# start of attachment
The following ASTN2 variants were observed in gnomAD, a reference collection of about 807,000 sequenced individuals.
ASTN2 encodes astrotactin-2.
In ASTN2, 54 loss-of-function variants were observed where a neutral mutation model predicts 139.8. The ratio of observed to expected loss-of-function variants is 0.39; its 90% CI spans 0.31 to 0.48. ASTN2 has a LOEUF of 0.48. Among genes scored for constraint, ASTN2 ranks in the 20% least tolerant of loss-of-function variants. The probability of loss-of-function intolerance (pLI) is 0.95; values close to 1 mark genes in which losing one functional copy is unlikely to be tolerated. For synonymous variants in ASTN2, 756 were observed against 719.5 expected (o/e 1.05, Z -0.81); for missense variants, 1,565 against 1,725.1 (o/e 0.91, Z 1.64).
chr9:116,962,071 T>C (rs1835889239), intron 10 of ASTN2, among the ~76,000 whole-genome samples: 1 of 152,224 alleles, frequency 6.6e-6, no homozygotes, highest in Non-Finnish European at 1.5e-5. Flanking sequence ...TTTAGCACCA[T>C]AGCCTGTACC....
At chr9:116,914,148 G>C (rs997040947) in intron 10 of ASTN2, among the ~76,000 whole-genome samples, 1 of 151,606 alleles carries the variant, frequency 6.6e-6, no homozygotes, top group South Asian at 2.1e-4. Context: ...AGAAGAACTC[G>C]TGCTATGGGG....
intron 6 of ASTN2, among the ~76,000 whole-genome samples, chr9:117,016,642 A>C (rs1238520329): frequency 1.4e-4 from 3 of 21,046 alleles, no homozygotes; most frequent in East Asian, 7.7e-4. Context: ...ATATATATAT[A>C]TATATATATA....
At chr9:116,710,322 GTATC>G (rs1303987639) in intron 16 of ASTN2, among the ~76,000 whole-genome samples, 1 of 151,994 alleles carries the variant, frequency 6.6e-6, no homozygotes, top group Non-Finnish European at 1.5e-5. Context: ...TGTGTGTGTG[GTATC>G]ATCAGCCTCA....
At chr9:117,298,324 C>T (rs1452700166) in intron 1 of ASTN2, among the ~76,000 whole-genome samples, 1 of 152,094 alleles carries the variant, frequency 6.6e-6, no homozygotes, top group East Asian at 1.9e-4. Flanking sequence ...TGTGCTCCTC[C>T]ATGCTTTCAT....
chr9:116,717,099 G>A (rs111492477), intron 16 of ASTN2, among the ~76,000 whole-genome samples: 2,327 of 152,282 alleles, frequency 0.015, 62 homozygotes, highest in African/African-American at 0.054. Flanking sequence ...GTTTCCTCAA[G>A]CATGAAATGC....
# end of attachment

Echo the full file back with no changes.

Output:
The following ASTN2 variants were observed in gnomAD, a reference collection of about 807,000 sequenced individuals.
ASTN2 encodes astrotactin-2.
In ASTN2, 54 loss-of-function variants were observed where a neutral mutation model predicts 139.8. The ratio of observed to expected loss-of-function variants is 0.39; its 90% CI spans 0.31 to 0.48. ASTN2 has a LOEUF of 0.48. Among genes scored for constraint, ASTN2 ranks in the 20% least tolerant of loss-of-function variants. The probability of loss-of-function intolerance (pLI) is 0.95; values close to 1 mark genes in which losing one functional copy is unlikely to be tolerated. For synonymous variants in ASTN2, 756 were observed against 719.5 expected (o/e 1.05, Z -0.81); for missense variants, 1,565 against 1,725.1 (o/e 0.91, Z 1.64).
chr9:116,962,071 T>C (rs1835889239), intron 10 of ASTN2, among the ~76,000 whole-genome samples: 1 of 152,224 alleles, frequency 6.6e-6, no homozygotes, highest in Non-Finnish European at 1.5e-5. Flanking sequence ...TTTAGCACCA[T>C]AGCCTGTACC....
At chr9:116,914,148 G>C (rs997040947) in intron 10 of ASTN2, among the ~76,000 whole-genome samples, 1 of 151,606 alleles carries the variant, frequency 6.6e-6, no homozygotes, top group South Asian at 2.1e-4. Context: ...AGAAGAACTC[G>C]TGCTATGGGG....
intron 6 of ASTN2, among the ~76,000 whole-genome samples, chr9:117,016,642 A>C (rs1238520329): frequency 1.4e-4 from 3 of 21,046 alleles, no homozygotes; most frequent in East Asian, 7.7e-4. Context: ...ATATATATAT[A>C]TATATATATA....
At chr9:116,710,322 GTATC>G (rs1303987639) in intron 16 of ASTN2, among the ~76,000 whole-genome samples, 1 of 151,994 alleles carries the variant, frequency 6.6e-6, no homozygotes, top group Non-Finnish European at 1.5e-5. Context: ...TGTGTGTGTG[GTATC>G]ATCAGCCTCA....
At chr9:117,298,324 C>T (rs1452700166) in intron 1 of ASTN2, among the ~76,000 whole-genome samples, 1 of 152,094 alleles carries the variant, frequency 6.6e-6, no homozygotes, top group East Asian at 1.9e-4. Flanking sequence ...TGTGCTCCTC[C>T]ATGCTTTCAT....
chr9:116,717,099 G>A (rs111492477), intron 16 of ASTN2, among the ~76,000 whole-genome samples: 2,327 of 152,282 alleles, frequency 0.015, 62 homozygotes, highest in African/African-American at 0.054. Flanking sequence ...GTTTCCTCAA[G>A]CATGAAATGC....